Significant development challenges remain in the health sector, including poverty, insufficient resources for health, changes in spectrum of diseases, malpractice, and poor health knowledge. The percentage as well as the absolute number of malnourished women and children in Bangladesh remains among the highest in the world. Added to this is the increasing and changing demand for health services, influenced by aspects such as population dynamics; urbanisation and climate change. The fiscal space of the country is restricted given the lowest tax-to-GDP ratios that limits the government’s capacity to translate this growth into public revenues. Public spending on health is low in comparison to other countries. Many patients are paying out of their own pockets to access medical services. The high health expenditure pushes poor people further into poverty.
HSDP is a follow-on program to the long standing World Bank support for the Government’s sector wide programs in the health sector. Based on the successes and lessons learned from the past programs and in recognition of the challenges ahead, the Government initiated a $8 billion sector wide program, the Health, Population and Nutrition Sector Development Program, from 2011 to 2016. The HSDP of the World Bank, finances a slice of the Government’s program and is fully aligned with it, playing an important role in operationalizing commitments to improve essential health services and strengthen the systems.
HSDP supports the Ministry of Health and Family Welfare (MOHFW) in implementing the program. Essential services include improving reproductive health, from family planning and antenatal care to scaling up emergency obstetric and newborn care services and ensuring 24/7 services in selected district hospitals and upazila health complexes. Health system strengthening includes interventions for better health sector planning and resource management, health financing system development, human resources development, health information systems and maintenance of health care facilities.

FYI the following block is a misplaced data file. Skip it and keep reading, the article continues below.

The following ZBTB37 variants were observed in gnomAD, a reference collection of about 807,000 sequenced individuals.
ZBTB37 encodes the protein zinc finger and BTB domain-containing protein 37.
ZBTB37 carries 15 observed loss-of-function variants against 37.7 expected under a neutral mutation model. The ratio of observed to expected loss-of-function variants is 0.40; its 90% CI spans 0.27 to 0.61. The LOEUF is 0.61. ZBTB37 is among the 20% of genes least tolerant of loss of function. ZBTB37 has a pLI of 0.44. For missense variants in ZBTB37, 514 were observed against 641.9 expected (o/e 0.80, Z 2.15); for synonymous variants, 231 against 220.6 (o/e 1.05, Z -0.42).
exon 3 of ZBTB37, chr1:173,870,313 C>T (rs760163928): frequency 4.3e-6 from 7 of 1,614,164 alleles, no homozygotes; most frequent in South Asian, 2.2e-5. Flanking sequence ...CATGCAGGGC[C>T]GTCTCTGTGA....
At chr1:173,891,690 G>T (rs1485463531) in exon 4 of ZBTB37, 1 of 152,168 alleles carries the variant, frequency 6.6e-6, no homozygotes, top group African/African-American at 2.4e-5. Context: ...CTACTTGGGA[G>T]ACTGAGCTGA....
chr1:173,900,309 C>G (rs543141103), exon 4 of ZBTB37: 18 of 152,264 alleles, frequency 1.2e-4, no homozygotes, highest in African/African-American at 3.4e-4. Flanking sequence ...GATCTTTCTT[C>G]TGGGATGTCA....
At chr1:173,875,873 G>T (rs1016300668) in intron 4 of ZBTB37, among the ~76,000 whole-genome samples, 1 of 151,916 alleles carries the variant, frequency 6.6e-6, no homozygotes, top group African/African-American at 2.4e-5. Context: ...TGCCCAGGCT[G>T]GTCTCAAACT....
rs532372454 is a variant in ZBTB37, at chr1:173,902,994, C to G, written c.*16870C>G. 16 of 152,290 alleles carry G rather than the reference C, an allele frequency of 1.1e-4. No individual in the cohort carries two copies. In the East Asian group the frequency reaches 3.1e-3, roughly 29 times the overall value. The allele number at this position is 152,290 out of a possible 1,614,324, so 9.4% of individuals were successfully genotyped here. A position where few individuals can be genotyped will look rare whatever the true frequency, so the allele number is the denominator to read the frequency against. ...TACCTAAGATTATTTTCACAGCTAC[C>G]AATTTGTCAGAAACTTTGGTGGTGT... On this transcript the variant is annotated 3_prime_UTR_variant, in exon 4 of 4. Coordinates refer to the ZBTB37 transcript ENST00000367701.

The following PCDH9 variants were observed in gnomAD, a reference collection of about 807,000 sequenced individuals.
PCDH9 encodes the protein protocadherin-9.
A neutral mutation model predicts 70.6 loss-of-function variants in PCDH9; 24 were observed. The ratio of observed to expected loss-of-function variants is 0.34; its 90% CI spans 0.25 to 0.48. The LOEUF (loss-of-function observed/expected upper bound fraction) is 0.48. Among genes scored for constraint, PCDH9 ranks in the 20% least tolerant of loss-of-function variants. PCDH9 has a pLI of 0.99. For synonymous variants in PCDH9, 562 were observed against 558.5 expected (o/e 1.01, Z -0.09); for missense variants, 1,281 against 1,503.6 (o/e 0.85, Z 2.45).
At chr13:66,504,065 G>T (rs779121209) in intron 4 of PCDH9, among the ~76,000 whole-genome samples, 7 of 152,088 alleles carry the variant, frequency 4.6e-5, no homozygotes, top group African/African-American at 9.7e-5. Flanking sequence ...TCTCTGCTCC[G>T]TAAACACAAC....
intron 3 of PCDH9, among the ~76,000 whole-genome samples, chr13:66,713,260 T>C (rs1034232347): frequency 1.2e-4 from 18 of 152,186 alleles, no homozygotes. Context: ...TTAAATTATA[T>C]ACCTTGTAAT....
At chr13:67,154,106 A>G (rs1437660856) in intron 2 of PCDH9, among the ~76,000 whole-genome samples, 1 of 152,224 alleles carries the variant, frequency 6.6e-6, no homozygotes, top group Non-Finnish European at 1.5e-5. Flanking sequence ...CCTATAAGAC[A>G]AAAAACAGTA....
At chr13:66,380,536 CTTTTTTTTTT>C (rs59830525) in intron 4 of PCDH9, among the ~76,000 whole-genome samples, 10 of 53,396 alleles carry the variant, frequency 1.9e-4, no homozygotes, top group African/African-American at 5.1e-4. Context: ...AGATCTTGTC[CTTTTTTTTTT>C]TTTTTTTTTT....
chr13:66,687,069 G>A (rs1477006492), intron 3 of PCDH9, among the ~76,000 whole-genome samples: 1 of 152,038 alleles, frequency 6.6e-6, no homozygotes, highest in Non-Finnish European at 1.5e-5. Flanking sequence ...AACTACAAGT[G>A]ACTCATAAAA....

The MOHFW is also working towards improving the control and treatment of both communicable and non-communicable diseases. Communicable diseases are being addressed through: vaccination programs; scaling up HIV/AIDS interventions for the most-at-risk groups; improving the quality of treatment for tuberculosis; and strengthening malaria control and treatment in 13 highly endemic areas.
For non-communicable diseases, interventions are aimed to improve awareness of cardio-vascular disease risks, provide better diagnosis and management of diabetes and improve screening for cancer.
The program is subject to annual audits and the Bank is working with the Government and other Development Partners to put in place appropriate mitigation measures, particularly on fiduciary aspects. Independent internal and external financial audits are helping to identify areas of weakness and recommend measures to improve compliance with internal control mechanisms so as to mitigate risks and to build capacities in carrying out financial management and procurement activities efficiently. Development Partners have created a joint-donor fund for a consolidated technical assistance, which is helping the Government to tap on to the required expertise.
HSDP includes a Multi Donor and a Single Donor Trust Fund of $380 million and the World Bank’s IDA credit of $508 million. Seven development partners have pooled their finances in the Multi-Donor Trust Fund: the Government of Australia acting through the Department of Foreign Affairs and Trade (DFAT); the Government of Canada, represented by the Global Affairs Canada (GAC); the Federal Republic of Germany through KfW; the Government of Sweden, represented by the Swedish International Development Agency (Sida); United Kingdom of Great Britain and Northern Ireland represented by the Department for International Development (DFID); the Embassy of the Kingdom of the Netherlands (EKN); and the United Nations Population Fund (UNFPA). The Single Donor Trust Fund includes resources from the U.S. Agency for International Development (USAID).